Using Resistance Temperature Detector (RTD) With Arduino

Using Resistance Temperature Detector (RTD) With Arduino


Most of hardware developers have used a temperature sensor in one or more of theirs projects. There are many types of temperature sensors, such as LM35, thermistors, and resistance thermometers. These types differ in response speed, temperature ranges, accuracy, and other factors.

Resistance thermometer, which also known as Resistance Temperature Detector (RTD), is a device used to measure temperature by changing its resistance depending on the surrounding temperature. It has a slow response time but provides accurate values. A RTD consists of a length of fine wire wrapped around a ceramic or glass core. The RTD wire is a pure material, typically platinum, nickel, or copper.

This instructable shows a full guide of how to use a RTD with Arduino, it uses a two wire PT100 RTD, an Arduino, 3 LM741 operational amplifiers, and resistors.

The first part of the circuit is about converting the resistance change of PT100 to a voltage change so the Arduino can read it. This operation can be done using a voltage divider, but for a specific range of 80 to 150 ohms (-51.85 to 129.87 degrees C) the divider has a DC offset which will decrease the sensitivity when amplifying this voltage.

To solve this issue you can use a Wheatstone Bridge, an electrical circuit used to measure an unknown electrical resistance by balancing two legs of a bridge circuit, to get rid of the DC offset and to increase output sensitivity. The values of Wheatstone resistors had chosen to limit current flow and to increase linearity of the output.

Wheatstone Bridge
Wheatstone Bridge

The output of the previous circuit is calculated by subtracting Vb+ and Vb- and then amplifying the result to be readable. To do this you need a differential amplifier, but there are two problems will occur when connecting this amplifier to the output of the bridge: the loading effect and changing the gain.

The loading effect means that the input resistors into the amplifier are affecting the voltage drop across the PT100 and changing the results. Changing the gain of the amp requires you to change at least two resistors, so having two potentiometers which have the same value will be annoying.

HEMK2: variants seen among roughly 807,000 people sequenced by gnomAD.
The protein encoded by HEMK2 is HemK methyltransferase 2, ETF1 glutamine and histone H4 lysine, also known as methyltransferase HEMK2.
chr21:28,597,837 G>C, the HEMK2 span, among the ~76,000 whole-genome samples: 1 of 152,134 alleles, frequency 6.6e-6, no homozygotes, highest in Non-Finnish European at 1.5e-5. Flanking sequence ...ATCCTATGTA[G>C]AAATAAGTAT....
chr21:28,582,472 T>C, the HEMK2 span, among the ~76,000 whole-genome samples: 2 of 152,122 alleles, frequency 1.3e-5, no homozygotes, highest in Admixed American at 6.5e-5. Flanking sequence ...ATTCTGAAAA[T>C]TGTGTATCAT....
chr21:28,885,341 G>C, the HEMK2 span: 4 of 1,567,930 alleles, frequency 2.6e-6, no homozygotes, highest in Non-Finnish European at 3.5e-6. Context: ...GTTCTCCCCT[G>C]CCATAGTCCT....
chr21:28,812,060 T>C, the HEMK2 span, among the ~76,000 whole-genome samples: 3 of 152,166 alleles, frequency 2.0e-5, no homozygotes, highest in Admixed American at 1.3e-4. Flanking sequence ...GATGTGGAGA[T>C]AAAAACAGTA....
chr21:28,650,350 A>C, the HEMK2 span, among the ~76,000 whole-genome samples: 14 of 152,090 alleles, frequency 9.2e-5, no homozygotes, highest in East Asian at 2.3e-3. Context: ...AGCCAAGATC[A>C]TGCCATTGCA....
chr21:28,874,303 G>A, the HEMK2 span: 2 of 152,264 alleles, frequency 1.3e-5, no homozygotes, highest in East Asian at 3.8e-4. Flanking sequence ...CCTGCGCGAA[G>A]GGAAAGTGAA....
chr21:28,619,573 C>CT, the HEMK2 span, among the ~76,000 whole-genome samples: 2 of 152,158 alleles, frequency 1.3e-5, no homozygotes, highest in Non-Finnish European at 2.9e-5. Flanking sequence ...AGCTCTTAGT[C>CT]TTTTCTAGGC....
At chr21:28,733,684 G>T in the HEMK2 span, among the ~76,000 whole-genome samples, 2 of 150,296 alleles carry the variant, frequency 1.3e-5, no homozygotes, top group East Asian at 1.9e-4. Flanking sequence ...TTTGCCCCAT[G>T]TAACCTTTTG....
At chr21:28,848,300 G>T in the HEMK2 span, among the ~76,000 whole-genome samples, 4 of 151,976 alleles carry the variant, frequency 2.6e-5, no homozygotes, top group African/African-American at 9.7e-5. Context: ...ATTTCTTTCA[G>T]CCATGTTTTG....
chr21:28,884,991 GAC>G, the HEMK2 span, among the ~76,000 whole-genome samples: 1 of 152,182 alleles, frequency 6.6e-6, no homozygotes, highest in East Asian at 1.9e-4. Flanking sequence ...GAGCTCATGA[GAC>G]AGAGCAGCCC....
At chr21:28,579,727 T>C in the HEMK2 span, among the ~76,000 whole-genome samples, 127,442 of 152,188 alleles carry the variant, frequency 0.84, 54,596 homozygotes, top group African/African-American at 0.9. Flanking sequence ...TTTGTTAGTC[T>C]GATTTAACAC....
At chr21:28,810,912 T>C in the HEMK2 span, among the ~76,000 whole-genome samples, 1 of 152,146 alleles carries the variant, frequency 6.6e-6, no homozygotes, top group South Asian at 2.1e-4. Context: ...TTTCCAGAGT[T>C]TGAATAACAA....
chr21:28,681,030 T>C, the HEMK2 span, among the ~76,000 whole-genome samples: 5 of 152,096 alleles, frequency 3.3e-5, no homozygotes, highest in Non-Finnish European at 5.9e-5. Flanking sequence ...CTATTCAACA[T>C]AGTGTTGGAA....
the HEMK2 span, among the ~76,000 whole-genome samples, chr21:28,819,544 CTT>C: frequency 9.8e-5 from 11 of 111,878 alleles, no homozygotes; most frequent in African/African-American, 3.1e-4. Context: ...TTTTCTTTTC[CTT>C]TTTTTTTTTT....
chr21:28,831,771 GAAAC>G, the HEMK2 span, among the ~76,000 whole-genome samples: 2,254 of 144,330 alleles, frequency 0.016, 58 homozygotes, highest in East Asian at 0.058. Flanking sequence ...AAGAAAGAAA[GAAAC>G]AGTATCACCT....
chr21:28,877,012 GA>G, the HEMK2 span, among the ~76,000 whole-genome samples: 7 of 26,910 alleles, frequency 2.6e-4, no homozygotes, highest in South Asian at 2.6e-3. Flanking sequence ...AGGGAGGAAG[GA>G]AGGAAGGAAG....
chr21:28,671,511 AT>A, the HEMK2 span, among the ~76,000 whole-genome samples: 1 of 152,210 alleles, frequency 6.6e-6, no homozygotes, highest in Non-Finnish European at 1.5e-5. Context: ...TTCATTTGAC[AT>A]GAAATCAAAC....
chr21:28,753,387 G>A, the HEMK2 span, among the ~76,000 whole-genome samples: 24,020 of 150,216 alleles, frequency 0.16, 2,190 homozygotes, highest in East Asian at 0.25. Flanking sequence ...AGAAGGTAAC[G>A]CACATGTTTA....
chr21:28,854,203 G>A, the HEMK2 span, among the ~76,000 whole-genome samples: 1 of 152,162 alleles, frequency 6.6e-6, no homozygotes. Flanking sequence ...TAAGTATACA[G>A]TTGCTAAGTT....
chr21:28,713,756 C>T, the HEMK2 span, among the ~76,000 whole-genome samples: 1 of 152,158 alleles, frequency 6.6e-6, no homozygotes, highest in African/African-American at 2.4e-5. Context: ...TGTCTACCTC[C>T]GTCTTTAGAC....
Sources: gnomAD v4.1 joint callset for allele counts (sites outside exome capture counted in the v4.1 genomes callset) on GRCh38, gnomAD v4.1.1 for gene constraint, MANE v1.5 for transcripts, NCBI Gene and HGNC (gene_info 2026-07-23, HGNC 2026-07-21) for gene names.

This problems had been solved by an instrumentation amplifier which acts as a buffer amplifier to separate the two halves of the circuit, the bridge and amplification, as well allows amplifying the input by changing just one potentiometer.

Instrumentation Amplifier Circuit
Instrumentation Amplifier Circuit

The last step is powering the circuit. As shown in the past circuit, there are Vcc+ and the Vcc-, because it needs both positive and negative voltage to function properly. These voltages can be generated using only one 12V power source, its circuit uses a buffer amplifier of gain 1 to create a virtual ground by passing half the supply voltage through the buffer amp which will act as the ground. Then the 12V will work as the +6V and the actual GND terminal will be -6V.

Powering Circuit
Powering Circuit

The full circuit was designed using  Autodesk, a platform that lets you create circuits on breadboard, edit circuit diagram and pcb diagram, and it also lets you simulate the circuit from the breadboard. You can even program an Arduino and connect it in the breadboard mode. If you want to duplicate the circuit and add your own values, just edit the design here.

This project is open source, you can find a detailed description of how the circuit works, circuits diagrams, equations, and source code at the project page at


1 Responses

Leave a Reply

This site uses Akismet to reduce spam. Learn how your comment data is processed.